Perspectives for machine-learning applied to data-rich experiments on complex materials

Christoph Freysoldt, Max-Planck-Institut für Eisenforschung, Germany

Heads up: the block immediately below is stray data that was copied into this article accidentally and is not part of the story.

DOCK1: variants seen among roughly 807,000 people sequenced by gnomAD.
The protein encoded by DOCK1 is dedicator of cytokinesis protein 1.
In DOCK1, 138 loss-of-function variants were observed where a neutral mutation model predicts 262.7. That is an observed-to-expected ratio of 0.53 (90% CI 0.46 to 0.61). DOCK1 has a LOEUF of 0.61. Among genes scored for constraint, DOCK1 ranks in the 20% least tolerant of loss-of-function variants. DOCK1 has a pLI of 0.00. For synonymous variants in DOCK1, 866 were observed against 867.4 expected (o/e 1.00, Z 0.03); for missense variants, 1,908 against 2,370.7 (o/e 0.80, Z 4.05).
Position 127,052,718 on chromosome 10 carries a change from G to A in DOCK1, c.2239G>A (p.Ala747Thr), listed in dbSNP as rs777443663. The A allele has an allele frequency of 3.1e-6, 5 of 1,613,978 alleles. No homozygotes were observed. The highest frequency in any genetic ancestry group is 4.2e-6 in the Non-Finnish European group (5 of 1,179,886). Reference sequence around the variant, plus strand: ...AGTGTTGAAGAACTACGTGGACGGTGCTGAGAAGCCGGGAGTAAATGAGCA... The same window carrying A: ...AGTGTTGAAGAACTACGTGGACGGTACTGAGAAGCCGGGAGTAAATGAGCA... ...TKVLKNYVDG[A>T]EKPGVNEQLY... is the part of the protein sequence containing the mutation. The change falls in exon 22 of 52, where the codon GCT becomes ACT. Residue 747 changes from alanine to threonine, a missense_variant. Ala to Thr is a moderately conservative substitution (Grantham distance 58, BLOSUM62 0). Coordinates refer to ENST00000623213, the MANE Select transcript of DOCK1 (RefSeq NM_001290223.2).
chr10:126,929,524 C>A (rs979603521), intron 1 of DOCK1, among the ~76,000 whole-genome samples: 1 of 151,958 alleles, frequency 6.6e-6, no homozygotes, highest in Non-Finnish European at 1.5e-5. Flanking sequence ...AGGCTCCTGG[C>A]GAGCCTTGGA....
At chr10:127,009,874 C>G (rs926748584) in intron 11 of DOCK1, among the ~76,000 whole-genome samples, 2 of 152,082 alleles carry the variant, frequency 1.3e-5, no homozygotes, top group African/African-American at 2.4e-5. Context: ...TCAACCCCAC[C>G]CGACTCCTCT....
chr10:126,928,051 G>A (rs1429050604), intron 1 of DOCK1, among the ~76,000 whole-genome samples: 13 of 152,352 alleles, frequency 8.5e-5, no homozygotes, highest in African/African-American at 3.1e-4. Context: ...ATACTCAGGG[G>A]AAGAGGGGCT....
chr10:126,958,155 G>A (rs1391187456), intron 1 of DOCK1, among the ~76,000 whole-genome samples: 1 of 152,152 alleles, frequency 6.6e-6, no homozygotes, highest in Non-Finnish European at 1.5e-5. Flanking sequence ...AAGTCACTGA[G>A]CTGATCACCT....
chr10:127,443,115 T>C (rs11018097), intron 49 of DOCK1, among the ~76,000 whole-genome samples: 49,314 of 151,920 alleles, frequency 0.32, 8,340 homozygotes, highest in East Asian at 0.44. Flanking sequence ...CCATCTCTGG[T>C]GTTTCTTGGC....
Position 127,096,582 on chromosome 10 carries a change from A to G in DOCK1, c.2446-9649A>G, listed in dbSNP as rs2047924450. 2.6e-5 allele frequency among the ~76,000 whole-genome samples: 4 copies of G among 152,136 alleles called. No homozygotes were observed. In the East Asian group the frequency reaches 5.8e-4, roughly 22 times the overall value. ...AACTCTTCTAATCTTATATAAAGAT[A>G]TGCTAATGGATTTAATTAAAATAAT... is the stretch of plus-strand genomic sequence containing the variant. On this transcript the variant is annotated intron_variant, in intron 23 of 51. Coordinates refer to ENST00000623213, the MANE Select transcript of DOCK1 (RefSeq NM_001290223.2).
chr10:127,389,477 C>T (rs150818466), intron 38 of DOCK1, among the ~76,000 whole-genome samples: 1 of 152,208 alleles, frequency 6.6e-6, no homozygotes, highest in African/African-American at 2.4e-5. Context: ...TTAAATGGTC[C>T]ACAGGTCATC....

The on-going hype of machine-learning promises that any insight can be gained by computers when you have enough data to learn from. Experiments that resolve the structural and chemical complexity of materials meet this demand: single experiments can provide gigabytes or terabytes of data, and the data is known to encode the underlying materials physics in a way that is somehow amenable to understanding. Such data is often noisy, but contains characteristic patterns in space or time that relate to the material’s performance. Reversely, machine-learning techniques are urgently needed to actually process the data in a way that extracts relevant information for our human understanding of materials. I will show examples from scanning transmission electron microscopy and atom probe tomography, and highlight how to shape and adapt existing algorithms to perform data evaluations that target useful materials science concepts.

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